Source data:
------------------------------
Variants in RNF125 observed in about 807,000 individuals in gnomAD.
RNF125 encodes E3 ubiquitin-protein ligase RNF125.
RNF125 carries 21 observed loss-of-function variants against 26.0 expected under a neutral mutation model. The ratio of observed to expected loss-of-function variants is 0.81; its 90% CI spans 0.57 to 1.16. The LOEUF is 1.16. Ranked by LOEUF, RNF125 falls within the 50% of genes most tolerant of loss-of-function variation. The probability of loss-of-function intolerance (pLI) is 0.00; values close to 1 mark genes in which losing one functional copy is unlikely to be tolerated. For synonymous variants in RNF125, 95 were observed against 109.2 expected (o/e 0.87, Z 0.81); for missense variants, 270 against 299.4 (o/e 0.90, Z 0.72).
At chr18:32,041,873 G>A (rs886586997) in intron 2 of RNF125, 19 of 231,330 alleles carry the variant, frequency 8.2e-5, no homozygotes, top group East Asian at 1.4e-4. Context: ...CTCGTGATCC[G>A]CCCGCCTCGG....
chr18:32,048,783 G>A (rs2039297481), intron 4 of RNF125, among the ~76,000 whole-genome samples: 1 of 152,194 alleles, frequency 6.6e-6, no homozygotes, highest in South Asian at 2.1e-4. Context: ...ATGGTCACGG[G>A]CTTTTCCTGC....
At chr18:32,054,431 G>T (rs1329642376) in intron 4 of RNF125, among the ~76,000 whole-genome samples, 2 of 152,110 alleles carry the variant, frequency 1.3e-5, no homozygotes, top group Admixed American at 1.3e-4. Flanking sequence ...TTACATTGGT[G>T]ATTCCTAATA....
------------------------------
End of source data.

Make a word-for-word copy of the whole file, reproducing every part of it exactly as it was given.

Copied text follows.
Variants in RNF125 observed in about 807,000 individuals in gnomAD.
RNF125 encodes E3 ubiquitin-protein ligase RNF125.
RNF125 carries 21 observed loss-of-function variants against 26.0 expected under a neutral mutation model. The ratio of observed to expected loss-of-function variants is 0.81; its 90% CI spans 0.57 to 1.16. The LOEUF is 1.16. Ranked by LOEUF, RNF125 falls within the 50% of genes most tolerant of loss-of-function variation. The probability of loss-of-function intolerance (pLI) is 0.00; values close to 1 mark genes in which losing one functional copy is unlikely to be tolerated. For synonymous variants in RNF125, 95 were observed against 109.2 expected (o/e 0.87, Z 0.81); for missense variants, 270 against 299.4 (o/e 0.90, Z 0.72).
At chr18:32,041,873 G>A (rs886586997) in intron 2 of RNF125, 19 of 231,330 alleles carry the variant, frequency 8.2e-5, no homozygotes, top group East Asian at 1.4e-4. Context: ...CTCGTGATCC[G>A]CCCGCCTCGG....
chr18:32,048,783 G>A (rs2039297481), intron 4 of RNF125, among the ~76,000 whole-genome samples: 1 of 152,194 alleles, frequency 6.6e-6, no homozygotes, highest in South Asian at 2.1e-4. Context: ...ATGGTCACGG[G>A]CTTTTCCTGC....
At chr18:32,054,431 G>T (rs1329642376) in intron 4 of RNF125, among the ~76,000 whole-genome samples, 2 of 152,110 alleles carry the variant, frequency 1.3e-5, no homozygotes, top group Admixed American at 1.3e-4. Flanking sequence ...TTACATTGGT[G>T]ATTCCTAATA....